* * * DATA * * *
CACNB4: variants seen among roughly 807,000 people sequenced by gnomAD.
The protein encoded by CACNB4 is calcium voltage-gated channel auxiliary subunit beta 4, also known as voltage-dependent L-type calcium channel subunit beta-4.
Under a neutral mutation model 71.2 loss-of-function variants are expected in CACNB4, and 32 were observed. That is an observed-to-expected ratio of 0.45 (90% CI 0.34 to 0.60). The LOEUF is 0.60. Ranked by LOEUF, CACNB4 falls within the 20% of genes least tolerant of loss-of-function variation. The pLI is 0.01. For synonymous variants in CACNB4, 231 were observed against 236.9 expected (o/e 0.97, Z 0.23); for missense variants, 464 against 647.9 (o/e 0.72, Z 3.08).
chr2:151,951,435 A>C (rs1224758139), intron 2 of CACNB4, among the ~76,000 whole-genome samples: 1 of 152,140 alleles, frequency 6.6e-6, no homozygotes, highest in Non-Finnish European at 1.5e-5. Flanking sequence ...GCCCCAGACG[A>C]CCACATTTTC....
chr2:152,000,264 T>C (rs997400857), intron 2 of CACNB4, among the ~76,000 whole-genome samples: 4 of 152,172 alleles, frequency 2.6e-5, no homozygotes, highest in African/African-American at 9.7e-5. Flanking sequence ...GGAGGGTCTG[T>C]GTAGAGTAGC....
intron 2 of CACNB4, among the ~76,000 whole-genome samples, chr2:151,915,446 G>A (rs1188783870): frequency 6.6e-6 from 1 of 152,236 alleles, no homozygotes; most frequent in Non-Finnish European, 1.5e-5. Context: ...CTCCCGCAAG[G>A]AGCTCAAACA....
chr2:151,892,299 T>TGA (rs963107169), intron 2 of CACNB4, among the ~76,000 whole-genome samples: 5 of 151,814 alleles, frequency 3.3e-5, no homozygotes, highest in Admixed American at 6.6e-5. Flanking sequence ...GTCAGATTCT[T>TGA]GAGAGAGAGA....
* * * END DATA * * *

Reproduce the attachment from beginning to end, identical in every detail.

CACNB4: variants seen among roughly 807,000 people sequenced by gnomAD.
The protein encoded by CACNB4 is calcium voltage-gated channel auxiliary subunit beta 4, also known as voltage-dependent L-type calcium channel subunit beta-4.
Under a neutral mutation model 71.2 loss-of-function variants are expected in CACNB4, and 32 were observed. That is an observed-to-expected ratio of 0.45 (90% CI 0.34 to 0.60). The LOEUF is 0.60. Ranked by LOEUF, CACNB4 falls within the 20% of genes least tolerant of loss-of-function variation. The pLI is 0.01. For synonymous variants in CACNB4, 231 were observed against 236.9 expected (o/e 0.97, Z 0.23); for missense variants, 464 against 647.9 (o/e 0.72, Z 3.08).
chr2:151,951,435 A>C (rs1224758139), intron 2 of CACNB4, among the ~76,000 whole-genome samples: 1 of 152,140 alleles, frequency 6.6e-6, no homozygotes, highest in Non-Finnish European at 1.5e-5. Flanking sequence ...GCCCCAGACG[A>C]CCACATTTTC....
chr2:152,000,264 T>C (rs997400857), intron 2 of CACNB4, among the ~76,000 whole-genome samples: 4 of 152,172 alleles, frequency 2.6e-5, no homozygotes, highest in African/African-American at 9.7e-5. Flanking sequence ...GGAGGGTCTG[T>C]GTAGAGTAGC....
intron 2 of CACNB4, among the ~76,000 whole-genome samples, chr2:151,915,446 G>A (rs1188783870): frequency 6.6e-6 from 1 of 152,236 alleles, no homozygotes; most frequent in Non-Finnish European, 1.5e-5. Context: ...CTCCCGCAAG[G>A]AGCTCAAACA....
chr2:151,892,299 T>TGA (rs963107169), intron 2 of CACNB4, among the ~76,000 whole-genome samples: 5 of 151,814 alleles, frequency 3.3e-5, no homozygotes, highest in Admixed American at 6.6e-5. Flanking sequence ...GTCAGATTCT[T>TGA]GAGAGAGAGA....